The members of Nancy’s team (Barrinton, Brian, Josie, and I, plus of course Nancy herself) met last week to plan for the coming semester.
Throughout the semester, Nancy has her students take part in simulations, where they play the roles of nurses and parents in pediatric care scenarios. Her plan is to film the sessions, post the videos online, and have the students respond to prompts on a Blackboard discussion board. The challenges for this project included some technical issues — e.g. camera angles and video storage — and pedagogical issues — e.g. maintaining student privacy and eliciting meaningful reflection from the students. (More background on her project and its challenges can be found in this update from last semester.)
After some meetings and experimentation last semester, Nancy settled on Blackboard as the best place to store the simulation videos. There were two main reasons for this:
- Blackboard makes it easy for Nancy to keep the students in their simulation groups, since they register for for separate sections of the course as their sim groups. This ensures that students won’t be able to view videos from other groups. This is important to maintain student privacy, which is especially crucial in this context as students sometimes make errors in the simulation scenarios. (Nancy will also ask students to sign an agreement stating that they will not disseminate or share the videos with others.)
- On Blackboard, Nancy can embed the video in the discussion board, making it easy for students to respond to the reflection prompts in the same environment where they are viewing the videos.
Nancy was able to pilot this system with her class last semester. After some initial difficulties with video conversion, she and Justin Owen (Director of Medical Technologies at NHS) have worked out a few kinks and are all set for recording. (One lesson learned: it’s better to stop and start the recording for each group rather than letting the camera run and editing the video later!)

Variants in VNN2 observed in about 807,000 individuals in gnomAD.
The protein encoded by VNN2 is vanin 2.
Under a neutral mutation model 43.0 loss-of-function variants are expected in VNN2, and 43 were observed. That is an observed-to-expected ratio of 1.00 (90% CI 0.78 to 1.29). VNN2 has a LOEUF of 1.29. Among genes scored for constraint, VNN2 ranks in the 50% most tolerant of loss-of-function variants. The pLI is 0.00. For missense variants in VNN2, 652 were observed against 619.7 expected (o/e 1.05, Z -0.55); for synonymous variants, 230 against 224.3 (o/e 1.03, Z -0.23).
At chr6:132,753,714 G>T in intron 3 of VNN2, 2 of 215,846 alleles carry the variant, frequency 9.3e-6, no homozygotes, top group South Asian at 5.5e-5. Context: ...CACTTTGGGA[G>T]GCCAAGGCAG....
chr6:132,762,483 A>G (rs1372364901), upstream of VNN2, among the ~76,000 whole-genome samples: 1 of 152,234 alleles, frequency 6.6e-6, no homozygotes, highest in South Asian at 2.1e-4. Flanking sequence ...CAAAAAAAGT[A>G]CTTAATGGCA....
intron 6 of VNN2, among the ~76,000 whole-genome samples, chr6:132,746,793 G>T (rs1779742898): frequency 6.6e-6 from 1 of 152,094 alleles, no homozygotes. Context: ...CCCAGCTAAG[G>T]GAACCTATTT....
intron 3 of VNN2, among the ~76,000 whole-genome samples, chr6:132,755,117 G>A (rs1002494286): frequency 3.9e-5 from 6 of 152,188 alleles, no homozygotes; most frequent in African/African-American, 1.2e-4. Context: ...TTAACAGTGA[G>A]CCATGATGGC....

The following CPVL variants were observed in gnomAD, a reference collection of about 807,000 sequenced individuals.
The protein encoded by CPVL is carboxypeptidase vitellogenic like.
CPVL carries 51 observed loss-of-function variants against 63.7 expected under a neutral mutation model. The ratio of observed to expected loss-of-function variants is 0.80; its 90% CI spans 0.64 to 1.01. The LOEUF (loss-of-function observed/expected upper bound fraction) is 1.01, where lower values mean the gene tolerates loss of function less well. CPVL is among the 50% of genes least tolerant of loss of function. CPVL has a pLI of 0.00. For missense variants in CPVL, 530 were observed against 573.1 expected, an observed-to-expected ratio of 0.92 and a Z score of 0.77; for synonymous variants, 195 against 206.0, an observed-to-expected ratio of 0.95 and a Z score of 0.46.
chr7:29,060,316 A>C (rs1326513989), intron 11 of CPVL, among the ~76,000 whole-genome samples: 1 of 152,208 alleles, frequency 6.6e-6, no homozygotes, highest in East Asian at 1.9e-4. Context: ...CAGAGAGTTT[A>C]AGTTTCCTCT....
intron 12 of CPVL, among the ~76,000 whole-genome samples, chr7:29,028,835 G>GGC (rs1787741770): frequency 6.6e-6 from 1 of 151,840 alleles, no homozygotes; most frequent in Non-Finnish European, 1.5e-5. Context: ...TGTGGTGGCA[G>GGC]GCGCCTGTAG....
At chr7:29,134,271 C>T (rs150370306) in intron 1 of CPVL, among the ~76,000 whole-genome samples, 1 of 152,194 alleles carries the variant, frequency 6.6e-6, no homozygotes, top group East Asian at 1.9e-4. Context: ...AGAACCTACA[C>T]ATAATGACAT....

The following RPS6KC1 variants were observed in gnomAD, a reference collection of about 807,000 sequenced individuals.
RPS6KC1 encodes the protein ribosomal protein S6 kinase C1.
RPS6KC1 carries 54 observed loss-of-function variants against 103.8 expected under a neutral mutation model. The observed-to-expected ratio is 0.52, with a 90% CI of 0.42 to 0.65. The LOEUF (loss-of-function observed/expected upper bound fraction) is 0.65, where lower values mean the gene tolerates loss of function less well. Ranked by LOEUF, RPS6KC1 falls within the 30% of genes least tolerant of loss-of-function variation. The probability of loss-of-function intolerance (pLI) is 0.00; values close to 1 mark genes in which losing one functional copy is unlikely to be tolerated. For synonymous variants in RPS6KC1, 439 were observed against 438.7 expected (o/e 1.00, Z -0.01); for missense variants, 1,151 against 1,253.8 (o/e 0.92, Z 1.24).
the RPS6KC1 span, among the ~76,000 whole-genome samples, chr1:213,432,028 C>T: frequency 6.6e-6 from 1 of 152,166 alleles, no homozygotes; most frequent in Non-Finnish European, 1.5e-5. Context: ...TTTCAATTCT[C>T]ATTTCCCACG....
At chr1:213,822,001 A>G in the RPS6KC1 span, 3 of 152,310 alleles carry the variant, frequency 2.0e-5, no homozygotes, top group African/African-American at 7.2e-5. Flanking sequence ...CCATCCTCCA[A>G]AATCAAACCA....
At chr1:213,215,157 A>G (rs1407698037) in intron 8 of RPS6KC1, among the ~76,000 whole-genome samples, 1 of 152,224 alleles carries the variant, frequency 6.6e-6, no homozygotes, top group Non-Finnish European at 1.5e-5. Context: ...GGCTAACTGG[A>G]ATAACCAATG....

Nancy developed her reflection prompts based in part on a rubric she found that was designed for clinical situations. (To read more about this, see this entry on her blog.) In her pilot last semester, she found that the prompts worked well overall, though she did discover that students found one of the questions to be redundant, so she’s planning to revise that.
Nancy plans to comment on the students’ posts, though she’s not quite sure yet how she will keep up with the volume of posts. One possibility might be to involve graduate students from a nursing education class as mentors who could comment on the discussion board.
Now that she’s ready to put the plan in place, Nancy’s also thinking about assessment. She is considering a survey or focus group, if time allows. Her team will consult with Mindy McWilliams for some ideas on how best to gather student feedback on the project.
Another challenge lies ahead – how to scale up this project for the summer version of this class, which enrolls almost twice as many students. So Nancy and her team have been careful to streamline the workflow as much as possible.
All in all, Nancy made great use of her planning time last semester and is ready to go! The first simulation will take place in early February, so look for an update soon.